The “Ballet Works Project” Project

Written By: Thomas O. Haakenson Constellation 23 3.1.13

By Thomas O. Haakenson



Orange, Marge-Simpson-like hair floats above tight, neon green jackets and swaying, tapping bodies. Undulating into and out of each other like agitated lovers, Nic Lincoln and Erin Thompson engage each other as hyperkinetic specters, then overflow from a video feed into the performance space of the James Sewell Ballet at the Cowles Center.

The collection of performances and provocations titled Ballet Works Project is for the uninitiated dance and performance critic a confusing delight, like the strange array of candy spilling from the hollow, plastic pumpkin head of a Halloween trick-or-treater. Why are the rest of the dances so, so serious?

Choreographed by a diverse array of established and emerging talents, the program for the Ballet Works Project writhed from the sheerly silly to the somber serious. What began as playful shadows from a campfire flames illuminating and cloudy two dancing bodies vanished too quickly as dance became “real” dance again.

Sally Rousse’s “Salmon Marshmallow Bear Dance” set a confusing, fun, promising tone. The playful interaction of camper and bear, dancing their way around fire ring and with marshmallow, was echoed with the longer, telekinetic visual buffet of Judith Howard’s “The Lounge Twins Die and Go to Heaven.” Howard’s focus on two odd bodies, Lincoln and Thompson, in semi-parallel motion serves as a response to the naturalistic investigations at the heart of Rousse’s playful woman-bear interactions.

The evening’s other performances—though powerful, fierce, serious—seemed detached in comparison, as if the beautiful, fit bodies, engaging in powerful parallels and explosive perpendiculars, viewers like me longed to return to the neon lounge and the whimsy of campfire flames.

To be sure, Karen Charles’s impressive “Call” provided a feast of precision and ferocity, of dance as dance should be, with strictly choreographed plans and bodies that followed the rule. The “less formal,” the seeming spontaneity of other pieces, whispered the promise of something new, especially for those, like me, new to the knew, to the “knew” of knowing what dance is supposed to be. Pounding feet, panting breath, erotic interplays. Textbook. Masterful. My heart longed, like a bear for a marshmallow, for more, much more here, now, with this so-disciplined piece, and then for those pieces that followed.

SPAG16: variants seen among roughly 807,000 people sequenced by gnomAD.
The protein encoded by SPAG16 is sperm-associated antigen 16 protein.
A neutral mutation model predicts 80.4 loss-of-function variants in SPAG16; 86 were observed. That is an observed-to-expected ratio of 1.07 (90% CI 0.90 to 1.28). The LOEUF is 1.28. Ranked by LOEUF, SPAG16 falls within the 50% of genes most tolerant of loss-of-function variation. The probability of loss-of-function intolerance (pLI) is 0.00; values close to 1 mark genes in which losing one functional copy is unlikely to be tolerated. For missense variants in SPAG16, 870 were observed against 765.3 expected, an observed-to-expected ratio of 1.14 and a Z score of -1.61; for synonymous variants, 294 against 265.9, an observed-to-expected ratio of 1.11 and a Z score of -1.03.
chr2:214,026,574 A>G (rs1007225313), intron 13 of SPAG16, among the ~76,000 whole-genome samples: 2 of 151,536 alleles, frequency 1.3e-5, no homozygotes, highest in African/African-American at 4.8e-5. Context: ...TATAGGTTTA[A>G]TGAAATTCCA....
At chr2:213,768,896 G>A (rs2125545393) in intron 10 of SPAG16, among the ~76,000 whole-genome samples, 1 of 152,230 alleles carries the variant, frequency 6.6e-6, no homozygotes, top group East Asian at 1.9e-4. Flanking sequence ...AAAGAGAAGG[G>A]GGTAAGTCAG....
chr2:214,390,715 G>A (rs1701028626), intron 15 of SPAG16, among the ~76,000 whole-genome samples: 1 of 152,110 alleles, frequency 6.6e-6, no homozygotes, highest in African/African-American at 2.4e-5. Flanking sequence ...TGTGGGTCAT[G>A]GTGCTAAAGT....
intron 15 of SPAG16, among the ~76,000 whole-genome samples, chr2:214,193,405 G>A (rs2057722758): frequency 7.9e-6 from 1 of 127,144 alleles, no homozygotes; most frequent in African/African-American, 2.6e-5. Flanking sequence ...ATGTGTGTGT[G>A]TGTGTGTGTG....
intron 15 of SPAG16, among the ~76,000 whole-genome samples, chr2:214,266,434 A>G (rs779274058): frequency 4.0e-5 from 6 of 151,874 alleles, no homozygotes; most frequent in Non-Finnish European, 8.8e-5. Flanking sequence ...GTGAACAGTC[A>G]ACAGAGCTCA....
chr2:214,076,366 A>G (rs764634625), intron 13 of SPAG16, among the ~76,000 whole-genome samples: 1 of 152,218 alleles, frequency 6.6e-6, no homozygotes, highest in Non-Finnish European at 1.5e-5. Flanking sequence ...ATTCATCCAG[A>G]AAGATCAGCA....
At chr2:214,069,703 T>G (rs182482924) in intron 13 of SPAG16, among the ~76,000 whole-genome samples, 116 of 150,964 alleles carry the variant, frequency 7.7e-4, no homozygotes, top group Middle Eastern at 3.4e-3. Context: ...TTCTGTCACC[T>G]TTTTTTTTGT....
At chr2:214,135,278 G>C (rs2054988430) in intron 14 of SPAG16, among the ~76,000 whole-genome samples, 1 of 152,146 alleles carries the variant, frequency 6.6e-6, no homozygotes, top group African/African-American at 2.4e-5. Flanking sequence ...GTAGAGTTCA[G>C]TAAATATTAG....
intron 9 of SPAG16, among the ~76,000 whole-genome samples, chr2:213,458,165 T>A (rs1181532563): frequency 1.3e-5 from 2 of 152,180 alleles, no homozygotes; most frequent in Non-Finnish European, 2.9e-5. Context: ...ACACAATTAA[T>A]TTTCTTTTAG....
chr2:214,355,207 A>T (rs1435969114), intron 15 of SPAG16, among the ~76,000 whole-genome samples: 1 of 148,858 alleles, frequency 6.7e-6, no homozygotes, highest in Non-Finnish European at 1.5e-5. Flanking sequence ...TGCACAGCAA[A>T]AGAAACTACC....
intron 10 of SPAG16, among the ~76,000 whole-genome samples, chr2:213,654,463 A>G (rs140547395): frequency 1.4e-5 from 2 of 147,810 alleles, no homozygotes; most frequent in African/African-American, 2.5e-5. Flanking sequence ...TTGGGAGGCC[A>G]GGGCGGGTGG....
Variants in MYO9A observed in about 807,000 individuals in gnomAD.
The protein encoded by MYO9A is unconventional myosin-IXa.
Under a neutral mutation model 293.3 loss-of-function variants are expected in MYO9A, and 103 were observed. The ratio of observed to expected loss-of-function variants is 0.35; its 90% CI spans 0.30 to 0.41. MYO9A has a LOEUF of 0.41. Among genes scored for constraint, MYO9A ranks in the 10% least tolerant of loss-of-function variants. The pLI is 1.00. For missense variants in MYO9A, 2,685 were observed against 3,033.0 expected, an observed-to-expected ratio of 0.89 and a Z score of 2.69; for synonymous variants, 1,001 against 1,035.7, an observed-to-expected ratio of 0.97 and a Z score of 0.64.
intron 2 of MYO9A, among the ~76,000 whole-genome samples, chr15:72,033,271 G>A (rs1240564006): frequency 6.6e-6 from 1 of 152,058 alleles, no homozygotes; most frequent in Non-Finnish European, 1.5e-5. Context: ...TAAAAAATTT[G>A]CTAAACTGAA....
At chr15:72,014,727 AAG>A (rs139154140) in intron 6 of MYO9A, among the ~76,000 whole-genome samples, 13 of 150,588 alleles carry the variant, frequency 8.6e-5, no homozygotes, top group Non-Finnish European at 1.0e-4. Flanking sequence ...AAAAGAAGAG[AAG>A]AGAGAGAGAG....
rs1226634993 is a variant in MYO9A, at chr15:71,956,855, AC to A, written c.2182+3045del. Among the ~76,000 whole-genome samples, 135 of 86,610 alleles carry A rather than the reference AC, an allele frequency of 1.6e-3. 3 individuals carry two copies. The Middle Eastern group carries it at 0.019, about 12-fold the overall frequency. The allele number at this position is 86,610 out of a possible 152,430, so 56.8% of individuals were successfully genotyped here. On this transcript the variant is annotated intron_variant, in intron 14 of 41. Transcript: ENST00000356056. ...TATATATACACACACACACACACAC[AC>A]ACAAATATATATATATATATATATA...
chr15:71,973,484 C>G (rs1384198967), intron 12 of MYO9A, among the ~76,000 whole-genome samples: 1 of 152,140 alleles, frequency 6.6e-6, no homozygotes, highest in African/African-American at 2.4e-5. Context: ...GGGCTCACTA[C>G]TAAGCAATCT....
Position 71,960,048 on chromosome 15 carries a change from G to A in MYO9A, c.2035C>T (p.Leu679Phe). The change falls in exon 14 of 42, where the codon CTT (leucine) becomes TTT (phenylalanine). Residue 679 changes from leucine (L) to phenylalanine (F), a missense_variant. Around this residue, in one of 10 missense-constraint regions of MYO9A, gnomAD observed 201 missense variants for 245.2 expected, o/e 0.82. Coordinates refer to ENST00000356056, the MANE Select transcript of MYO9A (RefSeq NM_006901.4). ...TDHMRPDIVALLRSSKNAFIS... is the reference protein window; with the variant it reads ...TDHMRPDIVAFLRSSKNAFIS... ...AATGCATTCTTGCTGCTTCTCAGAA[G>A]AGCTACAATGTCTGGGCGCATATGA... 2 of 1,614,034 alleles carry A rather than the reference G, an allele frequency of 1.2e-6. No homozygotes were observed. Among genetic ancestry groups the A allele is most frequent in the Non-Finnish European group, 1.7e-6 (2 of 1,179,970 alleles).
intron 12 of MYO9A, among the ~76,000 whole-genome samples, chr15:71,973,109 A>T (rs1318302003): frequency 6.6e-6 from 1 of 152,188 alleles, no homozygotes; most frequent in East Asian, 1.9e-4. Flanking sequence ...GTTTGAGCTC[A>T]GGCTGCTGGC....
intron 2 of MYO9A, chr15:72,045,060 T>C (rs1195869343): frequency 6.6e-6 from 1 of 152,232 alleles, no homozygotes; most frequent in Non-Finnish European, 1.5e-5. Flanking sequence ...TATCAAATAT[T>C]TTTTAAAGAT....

Cory Goei’s touching remarks introducing his work, “The Meaning of Ilk,” left the dance itself feeling oddly detached. Goei’s tenderness left us audience members feeling as if only he could get in on the pain behind the loss to which the dance alluded. His effort to reach out verbally in introducing the work, as painful and meaningful as could be, conveyed a struggle to suppress obvious hurt over the loss of the mysterious figure at the center of it all. Bodies disconnected the movement from the sadness Goei seems so wanting them to convey. There was loss. But no one told us really what it was during this performance of Goei’s piece. Outsiders to the hurt. Hurt ourselves.

Chris Schlichtling’s “Intervals,” a collaboration with the many performers, seemed confused by all the voices it hoped to keep in play. Costumes seemed both gratuitously minimal (on the men) and excessively secretive (on the women). The image burning into me still involves the spectacle of powerful bodies moving toward me, costumes revealing a bit too much flesh, too much to not see it as flesh. The meaning of the dance is lost in the dark recesses of the body’s invitation to wander elsewhere. But maybe that is the meaning of this dance. Their bodies. My wandering.

My body takes me elsewhere too. I long for the whimsy of the bear, the deliciousness of color, the lounge where twins die and go to heaven.

In the lobby of The Cowles Center during this performance, at intermission, two twins, dressed in sparkly white and asleep on the floor, awaken. As if floating backwards they enter an elevator, bid farewell to the gathered and bemused lobby audience, and say farewell. The twins. Their lounge. We are visitors, only if for a moment. The heaven of amusement and the sadness of seriousness. The bodies. The flame. We are the marshmallows. Unless we are the bear.

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